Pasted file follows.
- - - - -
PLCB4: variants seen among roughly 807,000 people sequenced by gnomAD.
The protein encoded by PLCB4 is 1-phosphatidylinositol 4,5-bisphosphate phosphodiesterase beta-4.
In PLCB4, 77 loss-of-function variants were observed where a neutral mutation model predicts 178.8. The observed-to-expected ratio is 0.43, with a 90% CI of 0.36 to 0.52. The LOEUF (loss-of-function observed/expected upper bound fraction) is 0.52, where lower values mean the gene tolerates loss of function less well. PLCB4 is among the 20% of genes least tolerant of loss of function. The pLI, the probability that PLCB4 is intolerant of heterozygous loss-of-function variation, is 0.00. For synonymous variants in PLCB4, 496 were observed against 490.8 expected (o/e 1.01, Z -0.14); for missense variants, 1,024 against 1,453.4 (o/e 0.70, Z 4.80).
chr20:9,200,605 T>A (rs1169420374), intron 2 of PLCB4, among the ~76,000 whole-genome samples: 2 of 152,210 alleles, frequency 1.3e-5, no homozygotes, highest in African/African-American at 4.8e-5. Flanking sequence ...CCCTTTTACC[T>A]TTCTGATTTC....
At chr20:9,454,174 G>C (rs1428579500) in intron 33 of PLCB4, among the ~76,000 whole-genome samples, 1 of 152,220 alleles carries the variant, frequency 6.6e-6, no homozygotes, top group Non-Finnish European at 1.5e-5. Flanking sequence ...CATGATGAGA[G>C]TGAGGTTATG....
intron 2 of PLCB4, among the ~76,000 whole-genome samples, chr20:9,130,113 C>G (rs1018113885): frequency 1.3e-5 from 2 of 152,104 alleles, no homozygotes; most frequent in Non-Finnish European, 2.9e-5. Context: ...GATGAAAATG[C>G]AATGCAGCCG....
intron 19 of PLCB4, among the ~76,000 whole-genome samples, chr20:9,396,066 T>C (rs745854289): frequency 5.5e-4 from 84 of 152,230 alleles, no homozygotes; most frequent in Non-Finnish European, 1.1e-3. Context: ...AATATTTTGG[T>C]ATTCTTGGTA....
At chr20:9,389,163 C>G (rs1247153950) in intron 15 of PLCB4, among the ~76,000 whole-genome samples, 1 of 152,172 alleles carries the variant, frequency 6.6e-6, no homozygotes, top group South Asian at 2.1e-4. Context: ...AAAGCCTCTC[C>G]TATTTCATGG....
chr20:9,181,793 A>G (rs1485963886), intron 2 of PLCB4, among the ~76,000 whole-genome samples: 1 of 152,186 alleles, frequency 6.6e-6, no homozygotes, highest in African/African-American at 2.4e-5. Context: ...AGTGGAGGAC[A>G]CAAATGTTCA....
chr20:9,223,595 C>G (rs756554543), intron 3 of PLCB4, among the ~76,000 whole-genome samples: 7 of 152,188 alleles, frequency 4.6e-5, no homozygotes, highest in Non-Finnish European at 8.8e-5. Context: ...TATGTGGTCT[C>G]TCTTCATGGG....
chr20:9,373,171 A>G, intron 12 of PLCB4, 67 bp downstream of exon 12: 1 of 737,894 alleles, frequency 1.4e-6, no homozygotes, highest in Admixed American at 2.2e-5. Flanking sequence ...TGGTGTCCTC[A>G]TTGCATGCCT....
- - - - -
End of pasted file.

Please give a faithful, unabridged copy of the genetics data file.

PLCB4: variants seen among roughly 807,000 people sequenced by gnomAD.
The protein encoded by PLCB4 is 1-phosphatidylinositol 4,5-bisphosphate phosphodiesterase beta-4.
In PLCB4, 77 loss-of-function variants were observed where a neutral mutation model predicts 178.8. The observed-to-expected ratio is 0.43, with a 90% CI of 0.36 to 0.52. The LOEUF (loss-of-function observed/expected upper bound fraction) is 0.52, where lower values mean the gene tolerates loss of function less well. PLCB4 is among the 20% of genes least tolerant of loss of function. The pLI, the probability that PLCB4 is intolerant of heterozygous loss-of-function variation, is 0.00. For synonymous variants in PLCB4, 496 were observed against 490.8 expected (o/e 1.01, Z -0.14); for missense variants, 1,024 against 1,453.4 (o/e 0.70, Z 4.80).
chr20:9,200,605 T>A (rs1169420374), intron 2 of PLCB4, among the ~76,000 whole-genome samples: 2 of 152,210 alleles, frequency 1.3e-5, no homozygotes, highest in African/African-American at 4.8e-5. Flanking sequence ...CCCTTTTACC[T>A]TTCTGATTTC....
At chr20:9,454,174 G>C (rs1428579500) in intron 33 of PLCB4, among the ~76,000 whole-genome samples, 1 of 152,220 alleles carries the variant, frequency 6.6e-6, no homozygotes, top group Non-Finnish European at 1.5e-5. Flanking sequence ...CATGATGAGA[G>C]TGAGGTTATG....
intron 2 of PLCB4, among the ~76,000 whole-genome samples, chr20:9,130,113 C>G (rs1018113885): frequency 1.3e-5 from 2 of 152,104 alleles, no homozygotes; most frequent in Non-Finnish European, 2.9e-5. Context: ...GATGAAAATG[C>G]AATGCAGCCG....
intron 19 of PLCB4, among the ~76,000 whole-genome samples, chr20:9,396,066 T>C (rs745854289): frequency 5.5e-4 from 84 of 152,230 alleles, no homozygotes; most frequent in Non-Finnish European, 1.1e-3. Context: ...AATATTTTGG[T>C]ATTCTTGGTA....
At chr20:9,389,163 C>G (rs1247153950) in intron 15 of PLCB4, among the ~76,000 whole-genome samples, 1 of 152,172 alleles carries the variant, frequency 6.6e-6, no homozygotes, top group South Asian at 2.1e-4. Context: ...AAAGCCTCTC[C>G]TATTTCATGG....
chr20:9,181,793 A>G (rs1485963886), intron 2 of PLCB4, among the ~76,000 whole-genome samples: 1 of 152,186 alleles, frequency 6.6e-6, no homozygotes, highest in African/African-American at 2.4e-5. Context: ...AGTGGAGGAC[A>G]CAAATGTTCA....
chr20:9,223,595 C>G (rs756554543), intron 3 of PLCB4, among the ~76,000 whole-genome samples: 7 of 152,188 alleles, frequency 4.6e-5, no homozygotes, highest in Non-Finnish European at 8.8e-5. Context: ...TATGTGGTCT[C>G]TCTTCATGGG....
chr20:9,373,171 A>G, intron 12 of PLCB4, 67 bp downstream of exon 12: 1 of 737,894 alleles, frequency 1.4e-6, no homozygotes, highest in Admixed American at 2.2e-5. Flanking sequence ...TGGTGTCCTC[A>G]TTGCATGCCT....